An estimated 20,000 pupils are being taught in unregistered alternative provision units – some which do not meet basic safeguarding standards, new research has found.
The study by the Centre for Social Justice found the government nor councils had accurate data on these children – many which have been excluded from mainstream schools – including where they are and what education they are receiving.
Researchers found examples of unregistered AP employing staff that did not have disclosure and barring service (DBS) checks.
In an agricultural education AP, a firearm was discovered in an unlocked room while at another provider, work experience bordered on child labour.
The law does not require educational settings to register with the Department for Education unless they educate five or more pupils full time -18 hours a week.
CSJ wants this “loophole” closed and is urging the government to set up a “light-touch” registration framework.
Lord Storey, co-chair of the APPG on school exclusions and AP, said: “These are some of the most vulnerable people in our society, and they need all the support and protection that we can possibly give them.
“It is time to bring these children back into view.”
Patchy alternative provision data
Government data found the top three reasons for sending a child to unregistered AP was “behavioural support” followed by “other” and a mental health medical condition.
The data on unregistered AP is patchy – as it comes from multiple sources.
The school census data shows just over 12,000 children were registered at a school and unregistered AP while the AP census estimates about 8,300 pupils were commissioned by councils into unregistered AP.
There is also a lack of reliable, up-to-date data about providers, CSJ said. A DfE estimate from 2012 said there were “several thousand”, possibly “over 10,000”.
Some unregistered APs and councils told CSJ the process of registering with the DfE is “labour intensive” especially on providers with small staffing teams.
Other vocational training APs have been told by Ofsted that to be considered for registration they are required to offer a full curriculum.
But not registering means there is a “critical shortfall of oversight”, CSJ warned, and Ofsted does not have to inspect this provision.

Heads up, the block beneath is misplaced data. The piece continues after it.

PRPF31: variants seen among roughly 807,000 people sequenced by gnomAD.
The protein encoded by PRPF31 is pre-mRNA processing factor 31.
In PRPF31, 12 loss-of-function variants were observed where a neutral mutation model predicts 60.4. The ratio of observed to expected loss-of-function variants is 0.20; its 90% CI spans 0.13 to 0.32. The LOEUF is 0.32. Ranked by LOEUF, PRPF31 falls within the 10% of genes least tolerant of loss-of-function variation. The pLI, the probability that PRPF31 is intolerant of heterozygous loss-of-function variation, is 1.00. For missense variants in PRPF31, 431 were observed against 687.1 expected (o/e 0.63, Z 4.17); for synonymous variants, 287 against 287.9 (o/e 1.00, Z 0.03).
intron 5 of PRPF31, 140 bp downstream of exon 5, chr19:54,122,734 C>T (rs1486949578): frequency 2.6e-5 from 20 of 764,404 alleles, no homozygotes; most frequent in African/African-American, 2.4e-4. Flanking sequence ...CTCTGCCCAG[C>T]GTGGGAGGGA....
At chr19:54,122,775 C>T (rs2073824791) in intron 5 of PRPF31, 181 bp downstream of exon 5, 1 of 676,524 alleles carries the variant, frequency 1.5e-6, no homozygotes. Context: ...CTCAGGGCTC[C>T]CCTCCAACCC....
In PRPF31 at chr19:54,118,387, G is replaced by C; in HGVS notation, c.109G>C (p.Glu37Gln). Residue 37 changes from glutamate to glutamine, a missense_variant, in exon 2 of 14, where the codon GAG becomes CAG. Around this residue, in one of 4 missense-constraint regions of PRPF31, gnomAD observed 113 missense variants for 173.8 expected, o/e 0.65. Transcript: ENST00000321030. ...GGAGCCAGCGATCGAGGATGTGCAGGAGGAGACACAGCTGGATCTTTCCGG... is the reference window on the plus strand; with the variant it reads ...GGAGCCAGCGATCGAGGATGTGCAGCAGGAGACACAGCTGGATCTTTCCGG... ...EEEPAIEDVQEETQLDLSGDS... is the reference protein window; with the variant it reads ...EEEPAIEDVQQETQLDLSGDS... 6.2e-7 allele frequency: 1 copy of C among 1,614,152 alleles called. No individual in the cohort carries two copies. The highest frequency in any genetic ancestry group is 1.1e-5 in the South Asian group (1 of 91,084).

In some cases, councils have taken it upon themselves to oversee the sector locally, but there is no requirement to do this.
Unregistered settings are also not legally compelled to carry out safeguarding checks, such as DBS and appointing designated safeguarding leads.
In one case, a firearm was discovered in an unlocked room at a provider delivering agricultural education. A police investigation resulted in the removal of the firearm, but since then the provider has continued to operate as usual.
In another case, CSJ said pupils were supposedly gaining work experience with a mechanic and it transpired that the provision was crossing the line into child labour.
Ministers are ‘in the dark’
CSJ calls for a new statutory registration framework should be implemented, requiring unregistered education providers to share pupils and setting details. These would then be “licensed supplementary education providers”.
Councils should be responsible for collecting these details and submit them to the DfE. CSJ also wants a national framework for minimum standards.
Beth Prescott, senior AP researcher at CSJ, said ministers “are in the dark” adding: “While some providers do a fantastic job offering bespoke support to children, without knowing which children are in these settings and where all the settings are, it is impossible to ensure that proper standards of teaching, learning and safeguarding are being maintained.”
A DfE call for evidence on unregistered AP use closed almost a year ago. A DfE spokesperson said analysis will be published “later this year and will set out further proposals in due course”.